10. Remove from the oven and let stand at least 10 minutes before cutting into wedges.

This time, I turned this recipe into individual pies, rather than a 9-inch version. Both have been done, and both are fabulous.


Easter Chocolate Bark

Sometimes (ok, often) chocolate is the solution to all of life’s ailments.

…but not all chocolate a) is created equal, or, b) does the trick.

This chocolate bark, however, will help heal deep, emotional, wounds better than bi-weekly trips to the psychiatrist’s office.

Seriously. It is that therapeutic.

This recipes calls for 2 lbs worth of chocolate plus the chopped Easter eggs to sprinkle on top. Uhh, sold.

However, where the two whole pounds of chocolate won me over, the realization that half of that was to be melted white chocolate, left me skeptical. I’ve never been a huge fan of white chocolate, unlike my father who, claimed that white chocolate was his most favourite kind…I guess that my skepticism was reinforced by the very fact that his white chocolate bunnies from the previous Easter would still be in the fridge as we were hunting for our new, and undeniably fresher, eggs.

He was “saving it”…saving it for what? I always wondered. Secretly, I assumed that he was saving it until it magically morphed into a dark chocolate bunny.

Anyway, enough with the digression.

The white chocolate in this recipe totally won me over and was a truly lovely compliment its dark-chocolate-neighbour, upstairs.

Although this chocolate is the best therapy around, and will keep you out of the psychiatrist’s office, too much of it will land you in the physician’s office from a bark-induced-sugar-coma.

…so, be warned, and enjoy responsibly.

Easter Chocolate Bark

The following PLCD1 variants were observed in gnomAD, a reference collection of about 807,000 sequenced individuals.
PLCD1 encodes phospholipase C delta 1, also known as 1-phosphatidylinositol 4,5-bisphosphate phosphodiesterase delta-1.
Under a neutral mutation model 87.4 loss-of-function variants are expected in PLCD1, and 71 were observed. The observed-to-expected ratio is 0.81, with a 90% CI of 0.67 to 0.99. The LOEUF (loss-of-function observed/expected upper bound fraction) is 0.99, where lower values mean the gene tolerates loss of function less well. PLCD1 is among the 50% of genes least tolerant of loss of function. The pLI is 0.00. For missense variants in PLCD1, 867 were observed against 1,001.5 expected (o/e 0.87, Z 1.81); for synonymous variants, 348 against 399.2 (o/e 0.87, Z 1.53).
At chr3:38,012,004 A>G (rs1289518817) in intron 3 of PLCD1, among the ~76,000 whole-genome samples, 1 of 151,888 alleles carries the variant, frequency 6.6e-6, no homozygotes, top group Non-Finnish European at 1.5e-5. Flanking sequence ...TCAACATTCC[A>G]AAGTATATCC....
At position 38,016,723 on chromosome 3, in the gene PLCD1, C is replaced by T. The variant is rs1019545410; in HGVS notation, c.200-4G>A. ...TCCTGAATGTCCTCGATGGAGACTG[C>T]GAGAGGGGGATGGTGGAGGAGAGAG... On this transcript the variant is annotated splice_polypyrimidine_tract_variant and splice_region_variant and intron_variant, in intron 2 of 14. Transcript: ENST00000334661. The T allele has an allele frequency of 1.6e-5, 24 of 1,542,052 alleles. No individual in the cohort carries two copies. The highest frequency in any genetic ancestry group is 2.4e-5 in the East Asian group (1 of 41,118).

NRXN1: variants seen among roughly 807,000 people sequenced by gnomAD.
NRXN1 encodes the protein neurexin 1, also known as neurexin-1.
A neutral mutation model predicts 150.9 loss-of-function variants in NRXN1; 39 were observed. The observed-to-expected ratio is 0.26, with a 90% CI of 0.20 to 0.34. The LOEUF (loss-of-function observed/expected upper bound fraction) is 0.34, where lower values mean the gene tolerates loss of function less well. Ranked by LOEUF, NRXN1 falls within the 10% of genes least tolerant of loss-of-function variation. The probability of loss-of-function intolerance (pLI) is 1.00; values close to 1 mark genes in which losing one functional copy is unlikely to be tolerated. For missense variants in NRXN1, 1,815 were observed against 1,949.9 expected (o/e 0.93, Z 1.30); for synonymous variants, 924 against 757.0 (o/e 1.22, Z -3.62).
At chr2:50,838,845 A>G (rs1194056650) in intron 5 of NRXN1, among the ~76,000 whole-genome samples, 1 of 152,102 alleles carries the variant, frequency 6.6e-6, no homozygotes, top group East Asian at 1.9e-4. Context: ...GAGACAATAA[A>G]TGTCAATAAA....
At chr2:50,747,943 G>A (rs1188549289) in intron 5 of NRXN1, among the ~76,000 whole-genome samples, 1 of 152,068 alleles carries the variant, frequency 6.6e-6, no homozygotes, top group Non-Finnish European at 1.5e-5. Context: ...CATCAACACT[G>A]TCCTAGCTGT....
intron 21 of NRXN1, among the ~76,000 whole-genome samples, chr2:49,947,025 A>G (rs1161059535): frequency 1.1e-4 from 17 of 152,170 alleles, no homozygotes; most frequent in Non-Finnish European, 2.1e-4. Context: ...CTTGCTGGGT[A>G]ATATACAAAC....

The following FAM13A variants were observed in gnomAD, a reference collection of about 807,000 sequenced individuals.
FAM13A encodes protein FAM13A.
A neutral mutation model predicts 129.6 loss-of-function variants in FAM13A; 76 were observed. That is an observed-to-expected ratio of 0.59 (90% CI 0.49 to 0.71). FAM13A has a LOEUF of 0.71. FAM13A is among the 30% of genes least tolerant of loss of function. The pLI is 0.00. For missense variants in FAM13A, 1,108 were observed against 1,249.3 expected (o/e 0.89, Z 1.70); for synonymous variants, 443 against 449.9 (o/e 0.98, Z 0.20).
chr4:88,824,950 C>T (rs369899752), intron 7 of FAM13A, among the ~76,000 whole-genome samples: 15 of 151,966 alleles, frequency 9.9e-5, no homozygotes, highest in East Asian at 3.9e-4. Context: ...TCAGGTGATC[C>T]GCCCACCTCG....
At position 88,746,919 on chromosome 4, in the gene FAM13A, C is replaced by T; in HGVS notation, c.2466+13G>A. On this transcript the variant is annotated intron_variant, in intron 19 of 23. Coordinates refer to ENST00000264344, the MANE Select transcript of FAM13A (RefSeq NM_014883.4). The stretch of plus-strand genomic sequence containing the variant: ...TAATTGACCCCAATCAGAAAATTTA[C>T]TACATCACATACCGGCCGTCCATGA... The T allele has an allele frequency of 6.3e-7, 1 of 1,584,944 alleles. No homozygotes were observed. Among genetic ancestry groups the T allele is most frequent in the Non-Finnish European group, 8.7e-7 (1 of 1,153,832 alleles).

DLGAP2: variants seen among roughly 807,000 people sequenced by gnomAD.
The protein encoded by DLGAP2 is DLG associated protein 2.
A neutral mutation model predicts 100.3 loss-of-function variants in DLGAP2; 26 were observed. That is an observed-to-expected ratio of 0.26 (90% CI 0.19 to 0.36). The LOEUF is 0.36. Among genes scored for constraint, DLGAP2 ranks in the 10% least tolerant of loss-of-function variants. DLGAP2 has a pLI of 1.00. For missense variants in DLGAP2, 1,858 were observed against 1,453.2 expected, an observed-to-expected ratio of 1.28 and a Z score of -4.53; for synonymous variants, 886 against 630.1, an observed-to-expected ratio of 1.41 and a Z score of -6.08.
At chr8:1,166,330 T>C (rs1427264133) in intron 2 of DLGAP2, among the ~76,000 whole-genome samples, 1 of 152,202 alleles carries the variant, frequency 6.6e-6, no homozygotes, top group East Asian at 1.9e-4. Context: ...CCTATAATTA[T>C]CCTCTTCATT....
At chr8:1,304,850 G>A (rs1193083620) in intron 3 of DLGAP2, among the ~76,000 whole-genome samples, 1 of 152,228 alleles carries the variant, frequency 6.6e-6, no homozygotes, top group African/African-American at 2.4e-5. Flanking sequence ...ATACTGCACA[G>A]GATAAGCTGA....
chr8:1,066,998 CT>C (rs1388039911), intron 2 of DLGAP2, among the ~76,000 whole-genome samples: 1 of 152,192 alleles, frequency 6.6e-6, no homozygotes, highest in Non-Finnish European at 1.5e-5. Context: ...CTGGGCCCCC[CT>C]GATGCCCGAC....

Adapted from Tutti Dolci

1 pound white chocolate chips
1/2 pound dark chocolate chips
1/2 pound semisweet chocolate chips
1 cup mini Easter eggs (such as Mini Eggs or Eggies), chopped

1. Lay a large piece of parchment paper on top of a solid cutting board. Make sure that your cutting board will fit in your fridge.
2. Place white chocolate in a double boiler or in a heat-proof bowl over a saucepan of gently simmering water. Slowly melt the chocolate, stirring occasionally until glossy and smooth. Pour melted chocolate onto parchment and spread into an even layer. Chill in the refrigerator until set, about 25 minutes. Remove from refrigerator and leave at room temperature while melting remaining chocolate.
3. Place dark and semisweet chocolate in a double boiler or in a heat-proof bowl over a saucepan of gently simmering water. Slowly melt the chocolate, stirring occasionally until glossy and smooth. Remove from heat; let stand 5 minutes. Pour melted dark chocolate over white chocolate layer; carefully spread with an offset spatula into an even layer.
4. Quickly sprinkle with chopped eggs (the white chocolate will start to harden the dark chocolate fairly quickly, so don’t mosey here). Chill in the refrigerator until completely set, about 1 hour.
5. Carefully lift parchment paper and place bark back on the cutting board; trim away any ragged edges (if desired), then use a sharp knife to cut into squares, or just break into pieces. Pack in an airtight container with wax paper between layers; store at room temperature or in the fridge for up to 1 week.